Choosing Alternatives to Road Rage
By Hannah Slattery, LPC, NCC
During the pandemic, you might not have been driving as much, at least to and from work. So, you might have forgotten about potential stressors of being in the car such as having to deal with traffic, constantly filling up your car, or finding the perfect music station or podcast to listen to to pass the time. Now that other parts of life are slowly but surely returning to normal, it's possible that stresses associated with driving might also be returning to your life. Even if you never worked from home, there are just more people on the road than 6 months ago.
The oxford dictionary defines road rage as violent anger caused by the stress and frustration involved in driving a motor vehicle in difficult conditions.
Depending on the length of your work commute, amount of extracurricular activities, or grocery shopping excursions you have to go on a day, you might find yourself spending a lot of time in your vehicle. Just like our home, it’s important to make our car a safe and comfortable space. However, a lot of time, we end up creating a toxic environment. Others around us on the road might not be driving as fast as we would like them to or driving in the appropriate lane or being distracted by their phone or their passengers. This can cause us to get upset and test our ability to stay calm. When we become irritated at other drivers, we risk the safety of ourselves, the people in our vehicle, as well as the other drivers. We also might find ourselves screaming at the little old lady in the car next to us because we were trying to get into that lane. This is severely exhausting and if it is during your morning commute, you haven’t even gotten to work yet!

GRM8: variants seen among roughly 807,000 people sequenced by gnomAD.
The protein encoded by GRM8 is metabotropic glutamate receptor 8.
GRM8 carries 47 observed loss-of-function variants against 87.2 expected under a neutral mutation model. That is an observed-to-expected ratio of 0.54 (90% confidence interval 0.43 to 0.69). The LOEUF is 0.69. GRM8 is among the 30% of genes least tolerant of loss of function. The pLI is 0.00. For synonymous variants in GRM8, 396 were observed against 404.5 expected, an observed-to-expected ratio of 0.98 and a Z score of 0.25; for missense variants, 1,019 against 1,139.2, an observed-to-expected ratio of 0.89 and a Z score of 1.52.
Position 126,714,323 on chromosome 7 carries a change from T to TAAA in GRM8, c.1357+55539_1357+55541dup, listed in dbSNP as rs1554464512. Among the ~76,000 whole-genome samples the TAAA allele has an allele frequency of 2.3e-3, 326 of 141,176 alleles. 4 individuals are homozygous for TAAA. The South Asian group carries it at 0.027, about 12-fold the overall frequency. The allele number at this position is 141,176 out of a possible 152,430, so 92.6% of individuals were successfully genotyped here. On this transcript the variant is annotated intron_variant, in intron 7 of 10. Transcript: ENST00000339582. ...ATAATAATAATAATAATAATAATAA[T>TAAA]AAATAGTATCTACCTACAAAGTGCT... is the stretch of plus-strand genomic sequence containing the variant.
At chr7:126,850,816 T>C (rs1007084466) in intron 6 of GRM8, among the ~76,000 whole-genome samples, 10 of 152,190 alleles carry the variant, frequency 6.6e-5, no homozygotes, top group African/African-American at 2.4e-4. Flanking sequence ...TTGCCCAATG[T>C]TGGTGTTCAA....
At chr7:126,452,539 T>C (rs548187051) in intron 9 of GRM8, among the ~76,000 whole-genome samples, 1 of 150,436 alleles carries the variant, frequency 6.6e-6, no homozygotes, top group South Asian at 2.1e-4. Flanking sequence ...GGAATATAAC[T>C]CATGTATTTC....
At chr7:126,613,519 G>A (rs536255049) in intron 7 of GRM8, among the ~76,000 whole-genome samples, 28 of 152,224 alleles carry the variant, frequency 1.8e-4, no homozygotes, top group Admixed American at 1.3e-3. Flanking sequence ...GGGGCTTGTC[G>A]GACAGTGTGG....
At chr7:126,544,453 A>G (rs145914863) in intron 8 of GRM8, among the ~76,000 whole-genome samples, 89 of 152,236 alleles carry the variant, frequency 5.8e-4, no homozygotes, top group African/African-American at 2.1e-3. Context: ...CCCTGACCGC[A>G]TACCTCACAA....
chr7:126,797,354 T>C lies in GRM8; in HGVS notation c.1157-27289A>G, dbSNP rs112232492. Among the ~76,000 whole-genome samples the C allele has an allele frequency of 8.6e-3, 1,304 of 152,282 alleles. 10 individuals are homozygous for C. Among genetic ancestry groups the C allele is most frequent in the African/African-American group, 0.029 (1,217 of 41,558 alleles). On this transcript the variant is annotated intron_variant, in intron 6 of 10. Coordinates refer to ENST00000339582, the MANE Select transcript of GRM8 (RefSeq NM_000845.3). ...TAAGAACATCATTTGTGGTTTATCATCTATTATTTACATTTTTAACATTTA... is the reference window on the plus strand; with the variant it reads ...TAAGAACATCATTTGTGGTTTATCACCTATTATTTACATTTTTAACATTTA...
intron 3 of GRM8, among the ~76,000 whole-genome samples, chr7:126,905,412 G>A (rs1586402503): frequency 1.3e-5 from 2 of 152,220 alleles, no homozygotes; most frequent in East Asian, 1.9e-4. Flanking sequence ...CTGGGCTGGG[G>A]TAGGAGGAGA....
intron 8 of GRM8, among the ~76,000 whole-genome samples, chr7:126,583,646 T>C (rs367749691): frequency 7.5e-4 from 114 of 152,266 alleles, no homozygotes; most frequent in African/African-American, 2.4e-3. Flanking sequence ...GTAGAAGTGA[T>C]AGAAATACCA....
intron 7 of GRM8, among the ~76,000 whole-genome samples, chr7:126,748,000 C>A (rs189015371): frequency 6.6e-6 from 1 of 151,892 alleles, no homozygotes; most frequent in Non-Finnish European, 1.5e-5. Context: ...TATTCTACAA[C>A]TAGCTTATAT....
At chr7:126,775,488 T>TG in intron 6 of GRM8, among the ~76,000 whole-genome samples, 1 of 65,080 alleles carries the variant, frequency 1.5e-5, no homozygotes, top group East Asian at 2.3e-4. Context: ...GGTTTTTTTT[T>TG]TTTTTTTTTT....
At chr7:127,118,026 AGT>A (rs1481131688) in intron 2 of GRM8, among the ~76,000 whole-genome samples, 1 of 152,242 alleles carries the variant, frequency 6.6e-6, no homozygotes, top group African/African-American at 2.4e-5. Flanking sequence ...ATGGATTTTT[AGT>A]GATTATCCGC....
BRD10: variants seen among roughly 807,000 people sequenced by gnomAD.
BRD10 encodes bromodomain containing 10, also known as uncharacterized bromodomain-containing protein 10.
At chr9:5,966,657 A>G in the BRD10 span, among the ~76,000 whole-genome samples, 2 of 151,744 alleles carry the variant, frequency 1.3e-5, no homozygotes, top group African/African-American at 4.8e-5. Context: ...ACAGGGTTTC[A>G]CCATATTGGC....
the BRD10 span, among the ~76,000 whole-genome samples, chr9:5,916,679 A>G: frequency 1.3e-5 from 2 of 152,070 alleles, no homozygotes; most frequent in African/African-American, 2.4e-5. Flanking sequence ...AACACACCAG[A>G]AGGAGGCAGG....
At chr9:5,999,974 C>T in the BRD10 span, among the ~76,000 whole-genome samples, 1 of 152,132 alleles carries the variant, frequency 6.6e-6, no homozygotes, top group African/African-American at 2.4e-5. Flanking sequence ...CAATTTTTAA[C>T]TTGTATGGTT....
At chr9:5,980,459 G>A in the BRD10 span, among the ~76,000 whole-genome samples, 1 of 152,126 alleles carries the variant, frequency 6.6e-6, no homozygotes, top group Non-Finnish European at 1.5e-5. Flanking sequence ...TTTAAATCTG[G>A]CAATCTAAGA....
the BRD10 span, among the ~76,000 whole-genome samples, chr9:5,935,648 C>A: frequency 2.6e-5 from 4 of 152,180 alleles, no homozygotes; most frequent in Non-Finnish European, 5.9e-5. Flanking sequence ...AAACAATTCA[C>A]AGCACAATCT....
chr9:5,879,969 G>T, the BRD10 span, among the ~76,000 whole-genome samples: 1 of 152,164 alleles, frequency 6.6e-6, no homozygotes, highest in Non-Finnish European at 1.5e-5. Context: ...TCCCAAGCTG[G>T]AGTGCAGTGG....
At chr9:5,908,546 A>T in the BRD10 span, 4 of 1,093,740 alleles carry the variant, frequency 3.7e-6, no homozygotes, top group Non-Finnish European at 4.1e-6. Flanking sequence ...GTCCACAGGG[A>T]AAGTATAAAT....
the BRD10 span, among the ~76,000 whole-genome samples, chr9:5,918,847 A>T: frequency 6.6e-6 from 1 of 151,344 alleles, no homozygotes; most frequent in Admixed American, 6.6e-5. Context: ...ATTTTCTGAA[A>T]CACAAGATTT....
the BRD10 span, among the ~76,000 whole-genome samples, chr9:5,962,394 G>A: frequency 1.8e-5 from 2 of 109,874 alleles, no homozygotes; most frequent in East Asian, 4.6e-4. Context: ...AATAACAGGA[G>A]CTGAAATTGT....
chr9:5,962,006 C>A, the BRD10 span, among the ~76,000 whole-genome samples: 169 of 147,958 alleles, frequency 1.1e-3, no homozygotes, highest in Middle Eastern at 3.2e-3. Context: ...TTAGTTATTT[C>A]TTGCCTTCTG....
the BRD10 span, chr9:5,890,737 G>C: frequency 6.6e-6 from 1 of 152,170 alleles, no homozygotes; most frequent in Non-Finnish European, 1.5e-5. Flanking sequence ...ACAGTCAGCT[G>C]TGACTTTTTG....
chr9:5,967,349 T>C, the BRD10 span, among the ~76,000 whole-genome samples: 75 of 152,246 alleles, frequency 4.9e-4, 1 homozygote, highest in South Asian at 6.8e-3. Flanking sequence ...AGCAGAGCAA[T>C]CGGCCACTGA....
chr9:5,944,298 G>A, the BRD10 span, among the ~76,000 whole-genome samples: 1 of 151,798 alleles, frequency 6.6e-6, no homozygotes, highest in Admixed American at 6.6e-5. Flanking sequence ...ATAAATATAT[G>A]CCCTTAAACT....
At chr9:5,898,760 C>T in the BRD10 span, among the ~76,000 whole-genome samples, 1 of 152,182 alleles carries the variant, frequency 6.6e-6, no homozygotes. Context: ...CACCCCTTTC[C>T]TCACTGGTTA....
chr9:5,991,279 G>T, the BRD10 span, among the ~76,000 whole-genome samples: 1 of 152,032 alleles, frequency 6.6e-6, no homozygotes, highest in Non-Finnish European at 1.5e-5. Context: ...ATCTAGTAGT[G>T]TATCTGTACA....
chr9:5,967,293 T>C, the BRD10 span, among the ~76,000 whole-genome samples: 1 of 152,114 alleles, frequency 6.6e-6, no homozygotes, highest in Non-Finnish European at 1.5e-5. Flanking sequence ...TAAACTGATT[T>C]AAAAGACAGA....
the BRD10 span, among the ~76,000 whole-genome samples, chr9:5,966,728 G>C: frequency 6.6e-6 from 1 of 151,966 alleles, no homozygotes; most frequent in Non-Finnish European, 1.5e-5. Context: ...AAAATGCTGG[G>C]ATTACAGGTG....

Here are some shocking statistics that might make you think differently about letting out that road rage:
About one third of Collisions Involve Road Rage
66% of Traffic Fatalities Are Caused by Aggressive Drivers
Road Rage Leads to 30 Murders Per Year